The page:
message 12: by M.A. (new)

M.A. Demers | 43 comments Katie, I should also mention that my book, The Global Indie Author: How anyone can self-publish in the U.S. and worldwide markets (now in its 2nd edition), devotes about 15 pages to deconstructing the pro-piracy arguments. If you like, I can email you a PDF of those pages as well as the title page and copyright page so you can quote it properly. Message me if you're interested.


message 13: by Rebecca (new)

Rebecca Douglass (RDouglass) | 208 comments M.A., you open my eyes. I had no idea anyone actually argued that book piracy was in any way right or legit. Once again proving my naïveté. I was willing to cut individuals who over-shared a book some slack, but people who profit from the work of others and pay no royalties--they suck.


message 14: by KatieBookQueen (new)

KatieBookQueen (QueenOfTeenFiction) | 9 comments Thanks for all of your amazing replies, they're much appreciated! :)


message 15: by Denise (last edited Nov 09, 2012 02:10AM) (new)

Denise Baer | 301 comments Good luck with your report.

Piracy is stealing, plain and simple. I'm not a well-known published author, and I self-published my book. It not only took me time to write it, but it also took me time to format, publish and promote.

If someone doesn't want to pay the price for my book in electronic ($6.50) then that's okay, they don't have to. But taking it without it being offered free is stealing. It applies to anything else that isn't offered for free.

abby_horan, I haven't seen that movie yet, but I'd like to.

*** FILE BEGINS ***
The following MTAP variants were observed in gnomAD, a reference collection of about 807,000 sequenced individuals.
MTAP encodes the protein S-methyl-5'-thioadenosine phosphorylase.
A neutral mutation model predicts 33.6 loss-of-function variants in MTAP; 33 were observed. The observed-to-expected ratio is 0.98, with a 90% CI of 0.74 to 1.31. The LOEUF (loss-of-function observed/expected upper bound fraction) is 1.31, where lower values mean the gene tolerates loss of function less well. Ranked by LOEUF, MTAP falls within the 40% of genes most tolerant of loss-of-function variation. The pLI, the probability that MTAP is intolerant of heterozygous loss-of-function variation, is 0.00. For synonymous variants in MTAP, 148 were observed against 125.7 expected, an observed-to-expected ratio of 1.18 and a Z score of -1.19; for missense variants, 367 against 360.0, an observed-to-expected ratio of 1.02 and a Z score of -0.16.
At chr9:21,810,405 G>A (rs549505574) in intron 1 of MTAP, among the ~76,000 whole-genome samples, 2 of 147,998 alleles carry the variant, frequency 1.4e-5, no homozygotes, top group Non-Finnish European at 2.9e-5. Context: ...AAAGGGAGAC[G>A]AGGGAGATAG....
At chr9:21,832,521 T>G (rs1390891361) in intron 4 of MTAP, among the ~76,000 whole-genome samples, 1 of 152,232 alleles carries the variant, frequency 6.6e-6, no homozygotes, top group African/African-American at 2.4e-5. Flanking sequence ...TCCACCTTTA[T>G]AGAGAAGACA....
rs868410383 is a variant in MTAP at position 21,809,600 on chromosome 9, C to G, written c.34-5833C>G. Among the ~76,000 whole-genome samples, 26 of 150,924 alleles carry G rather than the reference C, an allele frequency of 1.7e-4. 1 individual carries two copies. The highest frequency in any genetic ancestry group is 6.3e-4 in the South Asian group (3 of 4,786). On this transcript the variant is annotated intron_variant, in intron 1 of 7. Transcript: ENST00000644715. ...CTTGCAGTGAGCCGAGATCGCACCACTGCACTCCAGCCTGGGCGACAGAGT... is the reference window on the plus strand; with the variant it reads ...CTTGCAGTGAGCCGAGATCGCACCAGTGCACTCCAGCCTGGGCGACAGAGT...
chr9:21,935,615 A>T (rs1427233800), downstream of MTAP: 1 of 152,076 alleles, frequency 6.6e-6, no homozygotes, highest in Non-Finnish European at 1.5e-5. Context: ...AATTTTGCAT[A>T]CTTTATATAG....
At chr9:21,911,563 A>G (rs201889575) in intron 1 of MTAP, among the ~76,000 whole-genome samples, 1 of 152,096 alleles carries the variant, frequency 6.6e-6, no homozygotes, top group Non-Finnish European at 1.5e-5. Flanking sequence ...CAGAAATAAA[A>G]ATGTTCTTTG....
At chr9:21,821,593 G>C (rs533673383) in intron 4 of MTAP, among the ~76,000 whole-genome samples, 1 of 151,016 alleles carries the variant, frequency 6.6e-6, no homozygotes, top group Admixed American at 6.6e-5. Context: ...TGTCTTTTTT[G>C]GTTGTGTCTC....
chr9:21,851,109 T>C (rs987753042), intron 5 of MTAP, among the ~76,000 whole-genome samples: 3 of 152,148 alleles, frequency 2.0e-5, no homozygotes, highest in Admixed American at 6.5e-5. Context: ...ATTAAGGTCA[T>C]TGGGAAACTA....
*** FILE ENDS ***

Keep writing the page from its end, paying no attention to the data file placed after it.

message 16: by Michael Cargill (new)

Michael Cargill Cargill (MichaelCargill) | 217 comments There are plenty of independent studies that show piracy has a positive effect.

At the very least, the claims that piracy is killing the music/film/games/ebook industry are nonsense.


message 17: by Michael Cargill (new)

Michael Cargill Cargill (MichaelCargill) | 217 comments I'm sorry, but the notion that Metallica were some unstoppable force that were destined to sell millions of albums forever, is absurd.

The Beatles don't seem to have any problems flogging their wares, and they haven't released anything new for decades.

If my plant dies, can I blame global warming? I mean, never mind the fact that I always forgot to water it...


message 18: by Michael Cargill (new)

Michael Cargill Cargill (MichaelCargill) | 217 comments If the ratings for a TV show drop, is it because of piracy?
If a film does poorly at the box office, is it because of piracy?
If an artist was popular in the 1960s, but not in the 1970s, was it because of piracy?

You talk about not believing in coincidences, so here are some more:

The sales of console/computer games has increased, whilst the sales of Metallica have decreased.

If Metallica's sales were indicative of the damage that piracy causes, the sales for other forms of media would be down as well.

Here's a YouTube video of author Neil Gaiman stating that piracy of his books, led to an increase in sales - http://www.youtube.com/watch?v=0Qkyt1...


message 19: by Stephen (new)

Stephen Pearl (StephenP11) | 271 comments Here is simple reality. Pirates are thieves. They are stealing from an author as surly as if they broke into the authors home and took there television of mugged the author on the street. If 10 people want a book five pay for it and five pirate it that cuts the authors profit in half. The profit margin in the industry is marginal at best. Now it may be true that of the five that pirated the book two wouldn’t have paid for it no mater what. Frankly those two are of no value to me because they take and don’t return anyway. There word of mouth is likely to be non existent. If you defend piracy you defend theft. I wonder how they’d like to have some one open their wallet and randomly pull out bills.